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#IWD2022: Women in Finance — It’s a marathon, not a sprint

By Susana Coutinho, Research Director at ESG Advisory and Portfolio Analytics firm, MainStreet Partners

Celebrating the achievements of outstanding women in finance and in every other field seems the only positive note these days as we continue to watch the horrendous war in Ukraine unfold.

With International Women’s Day earlier this week, a special thought goes to all women that are forced to fight for their land or to run away from their home country leaving their family behind.

Focus on IWD 2022

This year’s IWD theme is #BreaktheBias. The campaign asks you to cross your arms in solidarity to call out gender bias, discrimination and stereotyping because whether conscious or unconscious, bias makes it difficult for women to achieve their goals and advance in their careers.

In the last decade we achieved good progress in raising awareness but now it is time to take action. In the past couple of years, women have shown their strength but suffered the most during the pandemic and equality saw a setback. Now it is time to go the extra mile and finally reach that parity. This starts with greater representation on company’s boards and in each and every team within the business. Because more diverse boards and teams lead to more informed, balanced and wiser decisions – women are proving that this is so.

However, women continue to be underrepresented above entry level in the financial services sector, particularly women of colour. A McKinsey report published in late 2021 found that “while women have a slight edge at the entry level, comprising 52% of the industry workforce, representation falls off at each rung of the corporate ladder, with an especially steep drop for women of colour: From entry level to the C-suite, the representation of women of colour falls by 80%.”

The asset-management industry lags behind financial services in the representation of women across most levels. Only 6% of the actively managed funds are currently run by a woman or a female team and 12% are run by a mixed team considering a universe of twenty five thousand funds.

In the banking sector, the share of female executive directors has risen significantly in the past 10 years to nearly 30% in 2021 and the share of female supervisory directors was already over 30% in 2021; However, these levels are still quite distant from an equal gender distribution.

What are we missing out?

A growing number of studies over the past decade have been linking financial results to more gender balanced leadership teams. And evidence keeps growing, especially during a crisis. Let’s take the Covid crisis as an example. Countries led by women seem to have managed it better that their male counterparts as a study by UCL concluded. Additionally, American states ran by women governors lost fewer of their people to Covid. The same can be extended to companies: companies with more women do better. Research by The Pipeline last year found that listed firms where at least one-third of the bosses are women have a profit margin more than 10 times greater than those without[1]. Consulting firms were the first to hold on to this claim, followed by banks, investors and the media. It is difficult to prove causality, but the big asset managers seem to back this idea as a growing number of them have publicly said they won’t invest in companies that aren’t gender balanced. Blackrock and AXA, alongside others managing a combined AUM of US$13 trillion have adopted this stance. Engagement is a powerful tool to incentivise change: Fidelity International is considering voting against boards in developed markets if women hold fewer than 30 per cent of the seats.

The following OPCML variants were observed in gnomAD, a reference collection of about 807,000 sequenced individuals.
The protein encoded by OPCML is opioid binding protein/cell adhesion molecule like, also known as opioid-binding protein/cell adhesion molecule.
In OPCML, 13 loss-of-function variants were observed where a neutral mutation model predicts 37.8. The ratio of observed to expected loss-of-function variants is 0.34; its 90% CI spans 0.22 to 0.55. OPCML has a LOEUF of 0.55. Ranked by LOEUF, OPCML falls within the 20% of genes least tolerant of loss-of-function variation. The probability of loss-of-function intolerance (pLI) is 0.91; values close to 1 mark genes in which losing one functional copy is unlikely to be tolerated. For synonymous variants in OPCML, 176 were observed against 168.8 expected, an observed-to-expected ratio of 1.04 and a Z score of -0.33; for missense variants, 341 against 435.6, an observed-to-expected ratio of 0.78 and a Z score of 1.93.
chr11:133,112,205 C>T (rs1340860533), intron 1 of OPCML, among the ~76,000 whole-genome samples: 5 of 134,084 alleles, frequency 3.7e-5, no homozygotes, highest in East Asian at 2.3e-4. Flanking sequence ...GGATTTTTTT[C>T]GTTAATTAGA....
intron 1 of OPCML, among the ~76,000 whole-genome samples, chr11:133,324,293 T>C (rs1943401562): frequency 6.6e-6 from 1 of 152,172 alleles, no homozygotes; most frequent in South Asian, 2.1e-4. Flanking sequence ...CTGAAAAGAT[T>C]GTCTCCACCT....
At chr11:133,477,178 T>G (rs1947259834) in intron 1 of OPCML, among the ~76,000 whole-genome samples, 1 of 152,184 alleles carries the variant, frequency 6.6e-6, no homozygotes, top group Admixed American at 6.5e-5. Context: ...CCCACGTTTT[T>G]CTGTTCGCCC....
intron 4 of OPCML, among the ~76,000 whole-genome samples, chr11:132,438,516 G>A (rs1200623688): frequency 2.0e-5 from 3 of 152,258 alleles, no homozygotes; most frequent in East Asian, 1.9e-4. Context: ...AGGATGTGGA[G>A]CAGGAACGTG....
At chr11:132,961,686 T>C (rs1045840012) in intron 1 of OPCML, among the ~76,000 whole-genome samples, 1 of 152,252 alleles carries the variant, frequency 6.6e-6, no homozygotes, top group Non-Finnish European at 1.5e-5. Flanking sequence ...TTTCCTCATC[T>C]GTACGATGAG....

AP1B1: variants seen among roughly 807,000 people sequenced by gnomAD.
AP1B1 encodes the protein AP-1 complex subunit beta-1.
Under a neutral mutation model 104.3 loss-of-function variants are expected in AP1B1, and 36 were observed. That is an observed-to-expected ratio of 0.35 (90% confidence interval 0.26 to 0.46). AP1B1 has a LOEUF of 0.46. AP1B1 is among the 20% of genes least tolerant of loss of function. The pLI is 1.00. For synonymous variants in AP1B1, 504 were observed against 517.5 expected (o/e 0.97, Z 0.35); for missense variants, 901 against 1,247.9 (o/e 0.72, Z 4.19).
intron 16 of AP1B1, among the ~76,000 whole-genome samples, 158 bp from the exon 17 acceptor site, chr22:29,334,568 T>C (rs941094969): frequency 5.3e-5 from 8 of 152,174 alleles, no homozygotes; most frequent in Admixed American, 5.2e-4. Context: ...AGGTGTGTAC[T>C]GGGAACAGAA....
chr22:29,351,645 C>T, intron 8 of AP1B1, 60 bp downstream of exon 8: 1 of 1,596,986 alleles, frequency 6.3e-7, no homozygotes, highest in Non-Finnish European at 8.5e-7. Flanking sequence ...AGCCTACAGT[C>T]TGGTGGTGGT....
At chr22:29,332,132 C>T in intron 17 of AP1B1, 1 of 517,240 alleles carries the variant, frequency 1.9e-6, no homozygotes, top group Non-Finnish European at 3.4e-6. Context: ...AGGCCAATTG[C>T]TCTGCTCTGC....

Are we ready for the turning point?

The most optimistic scenario places gender parity at board level in 2040. The worst case in 2070.

In an industry that’s hyper-focused on outperformance, finance is missing massive opportunities to outperform. Some asset managers have already recognised this. There are several studies showing that female fund managers are less likely to take unnecessary risk and therefore deliver better risk-adjusted results in the long term.

Despite the progress for women in corporate leadership, there is still a long road to travel. It is a marathon, not a sprint but can we accelerate the speed?

Much is being done by governments, governing bodies and stock exchanges and shareholder activism is also crucial.

In the US, NASDAQ’s ground-breaking board diversity rule for new listed companies was approved by the Securities and Exchange Commission (SEC) in August last year. It states that listed companies are required to have at least two diverse directors (with some exceptions) or explain why they don’t.

In the UK, The FCA has proposed requirements that listed companies comply with board diversity targets or provide an explanation as to why not. Under this proposal, they would also be required to publish diversity data on the composite of their boards and executive management.

Equally, the European Commission launched its gender equality strategy in 2010 designed to strengthen gender diversity in corporate boardrooms. Seven EU countries (Belgium, France, Italy, Germany, Austria, Portugal, and Greece) had mandatory national quotas by October 2020 and nine others (Denmark, Ireland, Spain, Luxembourg, the Netherlands, Poland, Slovenia, Finland, and Sweden) still favour a softer approach.

Attitudes are changing and action is being taken to some extent but in the 21st century, governments and corporations should make gender parity a top priority. Apart from the obvious issue of ethics, the benefits of doing so are stark.

[1] https://www.bbc.co.uk/news/business-53548704

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